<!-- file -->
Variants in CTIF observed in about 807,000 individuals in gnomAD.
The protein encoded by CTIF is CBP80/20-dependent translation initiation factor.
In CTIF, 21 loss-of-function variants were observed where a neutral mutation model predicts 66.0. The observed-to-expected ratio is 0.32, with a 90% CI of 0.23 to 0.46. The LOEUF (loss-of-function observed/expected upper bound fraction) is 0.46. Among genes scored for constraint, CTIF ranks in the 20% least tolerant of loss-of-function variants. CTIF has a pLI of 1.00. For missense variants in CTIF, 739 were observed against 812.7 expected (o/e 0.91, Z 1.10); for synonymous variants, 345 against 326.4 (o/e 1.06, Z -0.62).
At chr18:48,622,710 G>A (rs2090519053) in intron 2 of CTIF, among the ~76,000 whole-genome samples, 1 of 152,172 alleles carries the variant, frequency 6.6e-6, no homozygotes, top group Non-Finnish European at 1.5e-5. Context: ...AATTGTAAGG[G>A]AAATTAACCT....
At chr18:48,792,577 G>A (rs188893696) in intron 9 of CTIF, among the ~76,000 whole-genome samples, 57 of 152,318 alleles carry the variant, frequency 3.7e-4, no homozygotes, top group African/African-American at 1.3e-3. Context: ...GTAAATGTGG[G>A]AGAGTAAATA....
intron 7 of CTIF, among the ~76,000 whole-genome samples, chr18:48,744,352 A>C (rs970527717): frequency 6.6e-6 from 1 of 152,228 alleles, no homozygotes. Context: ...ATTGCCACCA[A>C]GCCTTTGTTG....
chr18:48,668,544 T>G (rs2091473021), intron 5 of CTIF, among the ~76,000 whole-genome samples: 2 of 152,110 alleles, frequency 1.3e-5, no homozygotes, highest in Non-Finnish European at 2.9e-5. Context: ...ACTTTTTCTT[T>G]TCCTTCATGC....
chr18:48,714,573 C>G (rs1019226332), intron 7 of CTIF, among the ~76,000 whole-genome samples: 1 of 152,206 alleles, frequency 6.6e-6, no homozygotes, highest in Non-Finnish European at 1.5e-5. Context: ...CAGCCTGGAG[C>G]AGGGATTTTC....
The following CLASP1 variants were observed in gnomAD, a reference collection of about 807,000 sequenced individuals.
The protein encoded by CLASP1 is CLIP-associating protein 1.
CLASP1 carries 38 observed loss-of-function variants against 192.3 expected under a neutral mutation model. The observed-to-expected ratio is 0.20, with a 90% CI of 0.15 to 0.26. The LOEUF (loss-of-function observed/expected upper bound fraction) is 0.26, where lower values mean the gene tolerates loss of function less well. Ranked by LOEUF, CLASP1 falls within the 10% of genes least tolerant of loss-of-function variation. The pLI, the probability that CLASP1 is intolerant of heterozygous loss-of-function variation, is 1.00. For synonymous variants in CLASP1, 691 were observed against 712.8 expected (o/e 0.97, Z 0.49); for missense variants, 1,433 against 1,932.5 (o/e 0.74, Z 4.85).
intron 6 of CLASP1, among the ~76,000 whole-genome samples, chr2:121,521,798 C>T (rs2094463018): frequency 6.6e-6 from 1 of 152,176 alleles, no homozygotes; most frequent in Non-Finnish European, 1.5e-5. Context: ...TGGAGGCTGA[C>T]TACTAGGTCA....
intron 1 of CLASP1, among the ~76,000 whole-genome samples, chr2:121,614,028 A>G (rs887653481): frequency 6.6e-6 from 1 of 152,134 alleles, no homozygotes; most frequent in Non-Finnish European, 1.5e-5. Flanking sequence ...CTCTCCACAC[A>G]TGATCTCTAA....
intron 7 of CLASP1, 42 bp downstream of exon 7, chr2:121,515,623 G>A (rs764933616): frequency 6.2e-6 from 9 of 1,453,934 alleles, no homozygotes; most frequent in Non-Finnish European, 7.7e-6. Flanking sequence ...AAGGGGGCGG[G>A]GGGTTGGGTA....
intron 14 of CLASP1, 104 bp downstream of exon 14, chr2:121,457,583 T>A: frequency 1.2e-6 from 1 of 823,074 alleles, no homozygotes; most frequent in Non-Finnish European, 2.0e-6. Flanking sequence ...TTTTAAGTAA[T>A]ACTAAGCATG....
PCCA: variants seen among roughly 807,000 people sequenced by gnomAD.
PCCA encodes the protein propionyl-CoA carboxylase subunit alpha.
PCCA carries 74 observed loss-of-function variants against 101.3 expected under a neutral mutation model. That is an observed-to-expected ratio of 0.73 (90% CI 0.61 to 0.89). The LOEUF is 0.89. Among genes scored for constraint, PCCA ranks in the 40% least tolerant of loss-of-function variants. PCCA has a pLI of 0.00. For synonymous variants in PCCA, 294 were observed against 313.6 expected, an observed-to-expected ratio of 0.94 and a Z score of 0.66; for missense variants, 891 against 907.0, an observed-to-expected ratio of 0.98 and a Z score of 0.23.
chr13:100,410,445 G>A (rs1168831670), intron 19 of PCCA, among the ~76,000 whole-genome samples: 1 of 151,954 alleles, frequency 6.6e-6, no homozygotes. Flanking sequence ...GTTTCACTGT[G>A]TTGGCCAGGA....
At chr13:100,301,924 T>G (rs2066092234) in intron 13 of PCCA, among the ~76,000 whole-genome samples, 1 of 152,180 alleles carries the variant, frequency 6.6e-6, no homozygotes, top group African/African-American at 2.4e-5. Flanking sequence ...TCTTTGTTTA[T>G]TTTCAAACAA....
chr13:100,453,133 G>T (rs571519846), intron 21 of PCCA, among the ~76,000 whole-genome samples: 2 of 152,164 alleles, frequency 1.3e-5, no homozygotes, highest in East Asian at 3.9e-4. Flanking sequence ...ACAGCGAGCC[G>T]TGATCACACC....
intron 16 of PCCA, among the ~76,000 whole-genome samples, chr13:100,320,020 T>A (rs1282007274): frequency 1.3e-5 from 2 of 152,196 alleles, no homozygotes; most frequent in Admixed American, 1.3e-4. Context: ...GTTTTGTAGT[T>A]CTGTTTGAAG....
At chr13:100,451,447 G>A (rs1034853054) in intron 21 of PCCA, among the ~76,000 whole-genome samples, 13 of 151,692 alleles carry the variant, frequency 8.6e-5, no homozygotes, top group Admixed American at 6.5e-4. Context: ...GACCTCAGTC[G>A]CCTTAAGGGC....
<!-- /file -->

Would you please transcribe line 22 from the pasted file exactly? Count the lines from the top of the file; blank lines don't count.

intron 16 of PCCA, among the ~76,000 whole-genome samples, chr13:100,320,020 T>A (rs1282007274): frequency 1.3e-5 from 2 of 152,196 alleles, no homozygotes; most frequent in Admixed American, 1.3e-4. Context: ...GTTTTGTAGT[T>A]CTGTTTGAAG....